into the Regulations. Consequently, the beneficiaries' identity
and any successive provisions need not be revealed to any
government agency, not even to the attorneys organizing the
2. The Law places practically
no limits upon the structuring of the beneficial interests
of a foundation. One of the more common scenarios is for the
founder to designate himself/herself as beneficiary for life
and to provide successive beneficiaries upon his or her death.
3. The Law further enhances the
confidentiality of this instrument by creating in article
35 severe penalties (fines of up to US$50,000 and imprisonment
for up to six months) for breach of the duty to keep the information
confidential. This obligation applies to members of the foundation
council and of the supervisory bodies, if any, as well as
to public or private employees having any knowledge of the
activities, transactions or operations of the foundation.
4. Furthermore, the Regulations
may be kept outside the country in the hands of the founder,
his fiduciary agent, the protector or any other person or
institution vested with the confidence of the founder. For
all of the above-mentioned reasons, plus some additional ones
which will be explained in other parts of this newsletter,
the Private Foundation has been called the perfect living
will. There is no need to open public proceedings if the founder
dies, and his wishes regarding the use, transferal and final
destination of his assets can be carried out privately by
the foundation council.
IV. FOUNDATION COUNCIL
The foundation council shall
be appointed at the time the foundation is constituted. It
shall be made up of no less than three (3) members in case
of private individuals or only one in the case of a legal
entity. The Law does not require any of its members to be
The powers and responsibilities
of the foundation council shall be established in the foundation
charter or in the Regulations. As a general rule, the foundation
council shall be responsible for carrying out the objects
of the foundation.
Unless otherwise provided in
the foundation charter and/or the Regulations, the general
obligations of the foundation council shall be as follows:
1. To administer the assets of
the foundation according to its Charter or its Regulations.
2. To perform any acts, contracts,
etc., which are appropriate for the attainment of the foundation's
objects, as permitted by the law and by the Regulations.
3. To inform the beneficiaries
of the foundation as to its economic situation as provided
in the foundation charter or the Regulations.
Please bear in mind that the
foundation charter and/or the Regulations of a foundation
may also limit or expand the powers of the foundation council
to suit the wishes of the founder. Additionally, the founder
may appoint himself as a member of the foundation council
and require that certain decisions be taken unanimously.
All such acts may need to be
previously authorized by a protector or other supervisory
body. Moreover, the founder may reserve for himself/herself
or for any other person the justify to remove the members of
the foundation council. This provision must also be expressly
established in the foundation charter.
V. REGISTRATION FEES AND TAXES
V. A. LOW SETTING-UP COSTS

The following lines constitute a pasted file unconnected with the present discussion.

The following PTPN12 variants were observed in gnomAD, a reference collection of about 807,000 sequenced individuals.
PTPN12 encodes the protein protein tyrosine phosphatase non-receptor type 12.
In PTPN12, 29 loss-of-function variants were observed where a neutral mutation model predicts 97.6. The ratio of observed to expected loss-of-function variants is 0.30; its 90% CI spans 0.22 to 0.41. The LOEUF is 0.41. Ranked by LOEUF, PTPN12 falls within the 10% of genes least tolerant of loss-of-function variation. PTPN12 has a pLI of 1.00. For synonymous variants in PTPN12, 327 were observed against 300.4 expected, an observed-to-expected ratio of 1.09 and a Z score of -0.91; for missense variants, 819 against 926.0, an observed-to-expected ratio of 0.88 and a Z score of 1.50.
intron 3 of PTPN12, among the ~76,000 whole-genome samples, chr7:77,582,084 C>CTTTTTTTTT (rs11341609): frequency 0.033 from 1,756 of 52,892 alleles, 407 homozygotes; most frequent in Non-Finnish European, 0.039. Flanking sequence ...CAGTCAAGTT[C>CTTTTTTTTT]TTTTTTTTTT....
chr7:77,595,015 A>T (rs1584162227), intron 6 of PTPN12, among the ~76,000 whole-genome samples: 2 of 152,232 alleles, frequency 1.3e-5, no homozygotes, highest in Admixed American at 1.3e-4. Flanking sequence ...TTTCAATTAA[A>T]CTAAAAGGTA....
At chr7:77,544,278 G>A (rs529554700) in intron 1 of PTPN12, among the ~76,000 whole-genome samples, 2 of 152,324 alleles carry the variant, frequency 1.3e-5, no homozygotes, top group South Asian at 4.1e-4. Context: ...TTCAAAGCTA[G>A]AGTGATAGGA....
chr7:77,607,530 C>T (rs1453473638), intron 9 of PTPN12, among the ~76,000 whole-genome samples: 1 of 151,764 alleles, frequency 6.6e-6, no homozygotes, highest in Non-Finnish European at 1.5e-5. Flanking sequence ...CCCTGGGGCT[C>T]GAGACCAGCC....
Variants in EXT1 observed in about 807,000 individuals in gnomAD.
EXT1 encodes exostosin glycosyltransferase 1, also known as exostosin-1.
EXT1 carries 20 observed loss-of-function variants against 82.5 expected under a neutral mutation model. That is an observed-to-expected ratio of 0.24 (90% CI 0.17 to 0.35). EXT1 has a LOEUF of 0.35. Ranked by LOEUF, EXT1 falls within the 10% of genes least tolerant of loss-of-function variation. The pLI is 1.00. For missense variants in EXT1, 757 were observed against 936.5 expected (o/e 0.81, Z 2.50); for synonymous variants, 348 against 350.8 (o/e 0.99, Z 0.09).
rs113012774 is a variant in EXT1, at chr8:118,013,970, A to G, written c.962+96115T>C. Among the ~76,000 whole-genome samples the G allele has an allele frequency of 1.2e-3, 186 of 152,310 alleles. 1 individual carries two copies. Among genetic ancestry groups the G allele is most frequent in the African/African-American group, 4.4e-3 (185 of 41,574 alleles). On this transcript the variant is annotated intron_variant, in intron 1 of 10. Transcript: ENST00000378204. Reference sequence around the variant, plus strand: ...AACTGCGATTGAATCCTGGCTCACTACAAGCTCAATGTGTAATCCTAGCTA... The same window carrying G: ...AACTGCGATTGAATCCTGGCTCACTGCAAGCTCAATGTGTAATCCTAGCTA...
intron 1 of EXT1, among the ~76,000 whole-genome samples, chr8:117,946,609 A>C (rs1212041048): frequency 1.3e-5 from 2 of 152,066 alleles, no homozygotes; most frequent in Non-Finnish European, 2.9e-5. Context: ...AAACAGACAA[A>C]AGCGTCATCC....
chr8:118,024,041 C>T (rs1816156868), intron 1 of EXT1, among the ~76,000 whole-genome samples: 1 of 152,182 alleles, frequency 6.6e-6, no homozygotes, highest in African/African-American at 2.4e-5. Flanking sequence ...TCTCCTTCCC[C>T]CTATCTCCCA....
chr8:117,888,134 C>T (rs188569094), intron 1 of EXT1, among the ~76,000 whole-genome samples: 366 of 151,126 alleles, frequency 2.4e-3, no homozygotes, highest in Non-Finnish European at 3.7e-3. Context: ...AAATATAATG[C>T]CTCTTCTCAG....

AND MAINTENANCE FEES
Private foundations in Panama
only pay registration fees and annual taxes equivalent to
those applicable to Panamanian corporations. The Panamanian
foundation is therefore considerably less expensive to set
up, maintain and dissolve than its European counterpart.
As in the case of corporations,
the amount of the registration fees will depend on the foundation's
original capital. The annual franchise tax is US$250. The
penalty for late payment of the annual franchise tax is U.S.$50,
applicable if the annual tax is not paid within three months
of the registration or of the anniversary date of said registration.
V. B. TAX ADVANTAGES
Panama, like many other international
tax havens, only taxes income produced or generated by economic
activities carried out within the country, and even inside
the country there are certain incomes which are tax free (e.g.
the interest generated by monies deposited in banks in Panama).
Consequently, someone who utilizes a Panamanian private foundation
outside Panama will not have to worry about taxes within the
country of Panama, with the exception of the annual franchise
tax mentioned in the preceding paragraph.
Article 36 of the Law makes it
clear by statutory provision that any dispute arising in connection
with the foundation may be resolved by arbitration, thus avoiding
the need to litigate through the Panamanian judicial system.
Arbitration may take place in any location and may be subject
to any procedure established by the founder or any other authorized
body of the foundation.
VII. PROTECTOR - SUPERVISORY
The founder may also establish
other special arrangements in order to retain control or supervision
over the foundation's assets during his or her lifetime. The
founder may appoint protectors, auditors or other supervisory
bodies to supervise the acts of the Foundation Council prior
to or after his/her death, since article 25 of the Law expressly
authorizes the creation of such additional entities or supervisory
The figure of the protector has
been widely used in Common Law jurisdictions when settling
a trust. This is yet another innovation of Panamanian law
which further ensures the safety of the instrument and thus
makes it even more attractive as an estate-planning tool.
VIII. FORCED HEIRSHIP PROVISIONS
Following a recent trend adopted
in the trust legislation of some Common Law jurisdictions
like BVI, Belize, Grand Cayman and the Bahamas, as well as
Jersey and Guernsey, Panama's Private Foundation Law (Article
14) specifically provides that the forced heir ship laws of
another country shall not affect the foundation or its validity
and shall not prevent the attainment of its purpose as provided
in the foundation charter or the Regulations.
Moreover, inasmuch as the foundation's
assets will not be part of the founder's testamentary estate
-having become legally autonomous - the legal norms of his/her
personal law cannot restrict or limit in any way the structuring
of the justifys of the beneficiaries of the foundation.
Formalities required for the
execution of wills shall not be applicable to Panamanian private
foundations (Article 4).